PENNSYLVANIA— UFOs and the possibility that aliens from another galaxy could be sending emissaries to check things out on planet Earth have captivated Americans for decades; Pennsylvania residents make dozens of reports annually of strange happenings in the sky. Navy pilots recently spoke of seeing mysterious objects — with no discernible engine or exhaust fumes — flying at hypersonic speeds, which brought the phenomenon back into the headlines.
So far, there have been 63 reports of unexplained things in the night sky over Pennsylvania this year, according to the National UFO Reporting Center.
Several reports — including one in York County — are as recent as the past two weeks.
The most recent report was June 13, when a York resident reported four stationary lights in a “diamond formation.”
The lights were located “between Jupiter and Saturn,” according to the report. After about 30 seconds, they began to fade out one by one.
A very detailed sighting occurred on May 29 on the Pennsylvania Turnpike, between mile markers 318 and 317.
The witness reported seeing a triangle-shaped object, with blinking red lights on the edges and white lights in the center. The witness thought it was a communications tower, but saw there was no structure below it as he drew closer. It was reportedly 300 feet over the ground, hovering over the turnpike, and noiseless.
Things took a different shape on May 23 over in Elkins Park, when a UFO appeared to pursue motorists.
Witnesses were driving down 309 when two orbs hovered on either side of the car and followed them all the way to Wawa. The orbs stopped and “waited” while they went into Wawa, then continued following them part of the way home after that.
Around Pennsylvania, residents reported seeing lights in the sky, fireballs, disks and more. You can check out more Pennsylvania UFO reports on the National UFO Reporting Center website.
President Donald Trump recently said he was briefed on UFOs. A group of Senate lawmakers received a classified briefing this week about such objects. And let’s not get started on that strange Facebook video that seems to show a creepy-looking alien doing some sort of jig down someone’s driveway.
Virginia Democratic U.S. Sen. Mark Warner wants answers on UFOs, whether it’s “weather balloons, little green men, or something else entirely,” Rachel Cohen, his spokeswoman, told CNN. And the Navy has drafted guidelines to allow pilots to report UFOs, and so that the military can track them, though the military branch prefers not to use the term “UFO.”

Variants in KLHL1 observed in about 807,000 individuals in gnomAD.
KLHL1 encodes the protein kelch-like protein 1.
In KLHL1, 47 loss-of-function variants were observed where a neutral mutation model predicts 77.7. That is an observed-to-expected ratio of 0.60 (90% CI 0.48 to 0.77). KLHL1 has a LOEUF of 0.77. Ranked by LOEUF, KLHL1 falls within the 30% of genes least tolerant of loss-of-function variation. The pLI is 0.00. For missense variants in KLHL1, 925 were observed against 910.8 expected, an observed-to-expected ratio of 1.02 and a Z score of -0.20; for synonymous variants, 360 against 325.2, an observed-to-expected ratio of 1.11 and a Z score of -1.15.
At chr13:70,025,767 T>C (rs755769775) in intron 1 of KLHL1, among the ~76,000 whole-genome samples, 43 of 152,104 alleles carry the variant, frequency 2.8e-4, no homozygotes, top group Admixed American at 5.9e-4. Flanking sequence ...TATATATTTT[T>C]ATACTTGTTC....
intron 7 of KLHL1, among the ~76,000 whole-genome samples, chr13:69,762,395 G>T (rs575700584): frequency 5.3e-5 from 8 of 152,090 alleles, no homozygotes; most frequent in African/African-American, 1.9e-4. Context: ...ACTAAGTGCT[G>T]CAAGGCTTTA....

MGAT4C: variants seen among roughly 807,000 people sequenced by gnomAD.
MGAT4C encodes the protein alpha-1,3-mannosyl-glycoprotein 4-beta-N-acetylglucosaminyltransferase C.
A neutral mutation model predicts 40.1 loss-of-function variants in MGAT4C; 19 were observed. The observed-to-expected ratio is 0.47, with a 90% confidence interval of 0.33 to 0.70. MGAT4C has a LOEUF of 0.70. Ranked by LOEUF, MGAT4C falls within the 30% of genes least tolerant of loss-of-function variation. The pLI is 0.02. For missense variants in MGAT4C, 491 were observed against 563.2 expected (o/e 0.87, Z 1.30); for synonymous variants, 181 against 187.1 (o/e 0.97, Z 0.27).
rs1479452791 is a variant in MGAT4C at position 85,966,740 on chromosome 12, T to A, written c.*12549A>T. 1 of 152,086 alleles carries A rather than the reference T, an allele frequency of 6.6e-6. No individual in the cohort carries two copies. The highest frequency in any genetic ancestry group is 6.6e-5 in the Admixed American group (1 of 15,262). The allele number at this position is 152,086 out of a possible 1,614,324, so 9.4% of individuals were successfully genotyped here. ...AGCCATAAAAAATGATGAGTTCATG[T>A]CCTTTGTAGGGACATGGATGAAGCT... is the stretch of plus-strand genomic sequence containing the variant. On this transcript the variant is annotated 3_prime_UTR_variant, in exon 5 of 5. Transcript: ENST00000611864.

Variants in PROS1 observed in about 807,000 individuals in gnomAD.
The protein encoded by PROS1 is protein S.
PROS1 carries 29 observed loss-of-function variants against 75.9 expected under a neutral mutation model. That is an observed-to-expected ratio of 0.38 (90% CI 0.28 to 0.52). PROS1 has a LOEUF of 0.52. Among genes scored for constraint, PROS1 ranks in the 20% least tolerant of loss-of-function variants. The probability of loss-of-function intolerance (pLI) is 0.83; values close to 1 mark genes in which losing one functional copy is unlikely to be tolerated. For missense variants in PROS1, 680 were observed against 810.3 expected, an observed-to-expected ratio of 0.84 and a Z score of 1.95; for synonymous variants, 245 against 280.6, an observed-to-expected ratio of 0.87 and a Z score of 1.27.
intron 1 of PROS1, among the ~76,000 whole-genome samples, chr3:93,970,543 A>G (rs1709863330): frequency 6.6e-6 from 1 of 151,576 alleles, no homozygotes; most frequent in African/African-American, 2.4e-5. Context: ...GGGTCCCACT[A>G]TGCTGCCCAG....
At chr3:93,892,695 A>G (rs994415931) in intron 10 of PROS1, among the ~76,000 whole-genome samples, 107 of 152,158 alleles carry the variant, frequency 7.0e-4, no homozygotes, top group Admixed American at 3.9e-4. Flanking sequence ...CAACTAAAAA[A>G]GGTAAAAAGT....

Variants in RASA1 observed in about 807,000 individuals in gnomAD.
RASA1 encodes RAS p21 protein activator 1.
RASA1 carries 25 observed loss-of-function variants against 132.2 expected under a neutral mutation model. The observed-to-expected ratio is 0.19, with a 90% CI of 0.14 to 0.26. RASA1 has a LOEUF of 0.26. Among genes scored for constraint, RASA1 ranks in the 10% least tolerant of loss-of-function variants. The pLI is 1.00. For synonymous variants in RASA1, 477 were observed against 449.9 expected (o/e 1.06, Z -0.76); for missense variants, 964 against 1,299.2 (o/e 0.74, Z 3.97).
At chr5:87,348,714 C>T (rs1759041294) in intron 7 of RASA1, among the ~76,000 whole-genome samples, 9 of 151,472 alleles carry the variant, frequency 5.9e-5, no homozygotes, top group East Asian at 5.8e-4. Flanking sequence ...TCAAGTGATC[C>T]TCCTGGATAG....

“We don’t actually use that term,” Joseph Gradisher, a spokesman for the deputy chief of naval operations for information warfare, told Patch last week. “We use ‘Unmanned Aerial System.”http://patch.com/”
The term, shortened to UAS, refers to things like recreational flying drones people can buy at a store. For the “other” things, the Navy uses the term UAP, meaning “Unidentified Aerial Phenomenon.”
“We constitute anything unknown or unidentified in the airspace as an ‘Unidentified Aerial Phenomenon,’ no matter what it is,” he said.
According to data compiled by the National UFO Reporting Center, there were nearly 500 sightings across the country in May and more than 300 in January, March and April.
The Navy recently told POLITICO in a statement there were reports of unauthorized and/or unidentified aircraft “entering various military-controlled ranges and designated air space in recent years.”
“For safety and security concerns, the Navy and the [U.S. Air Force] takes these reports very seriously and investigates each and every report,” the statement said.
And Ryan Graves, an F/A-18 Super Hornet pilot who reported his sightings to the Pentagon and Congress, told The New York Times last month he was one of multiple pilots who saw UFOs. The pilots began seeing the objects in 2014 and 2015 after receiving upgraded equipment.
Initially they believed they were getting bad readings. But the sightings kept happening, showing up at 30,000 feet, 20,000 feet and even at sea level. The objects could speed up, slow down and then reach hypersonic speeds.
“These things would be out there all day,” he said. “Keeping an aircraft in the air requires a significant amount of energy. With the speeds we observed, 12 hours in the air is 11 hours longer than we’d expect.”
Patch national staffer Dan Hampton contributed to this report.